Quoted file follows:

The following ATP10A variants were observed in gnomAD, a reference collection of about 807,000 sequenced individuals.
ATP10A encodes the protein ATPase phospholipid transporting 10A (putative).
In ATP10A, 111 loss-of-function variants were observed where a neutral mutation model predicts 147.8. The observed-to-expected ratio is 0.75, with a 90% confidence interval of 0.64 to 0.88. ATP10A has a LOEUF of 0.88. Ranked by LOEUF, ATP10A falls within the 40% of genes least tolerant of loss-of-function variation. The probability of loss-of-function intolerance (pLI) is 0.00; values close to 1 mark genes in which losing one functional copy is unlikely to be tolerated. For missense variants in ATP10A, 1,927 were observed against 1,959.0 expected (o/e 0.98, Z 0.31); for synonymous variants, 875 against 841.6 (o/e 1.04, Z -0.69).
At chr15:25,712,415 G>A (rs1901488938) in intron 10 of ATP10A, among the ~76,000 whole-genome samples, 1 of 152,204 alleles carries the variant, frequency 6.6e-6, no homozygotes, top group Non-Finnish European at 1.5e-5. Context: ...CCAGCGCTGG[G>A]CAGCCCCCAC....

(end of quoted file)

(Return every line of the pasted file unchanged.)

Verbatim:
The following ATP10A variants were observed in gnomAD, a reference collection of about 807,000 sequenced individuals.
ATP10A encodes the protein ATPase phospholipid transporting 10A (putative).
In ATP10A, 111 loss-of-function variants were observed where a neutral mutation model predicts 147.8. The observed-to-expected ratio is 0.75, with a 90% confidence interval of 0.64 to 0.88. ATP10A has a LOEUF of 0.88. Ranked by LOEUF, ATP10A falls within the 40% of genes least tolerant of loss-of-function variation. The probability of loss-of-function intolerance (pLI) is 0.00; values close to 1 mark genes in which losing one functional copy is unlikely to be tolerated. For missense variants in ATP10A, 1,927 were observed against 1,959.0 expected (o/e 0.98, Z 0.31); for synonymous variants, 875 against 841.6 (o/e 1.04, Z -0.69).
At chr15:25,712,415 G>A (rs1901488938) in intron 10 of ATP10A, among the ~76,000 whole-genome samples, 1 of 152,204 alleles carries the variant, frequency 6.6e-6, no homozygotes, top group Non-Finnish European at 1.5e-5. Context: ...CCAGCGCTGG[G>A]CAGCCCCCAC....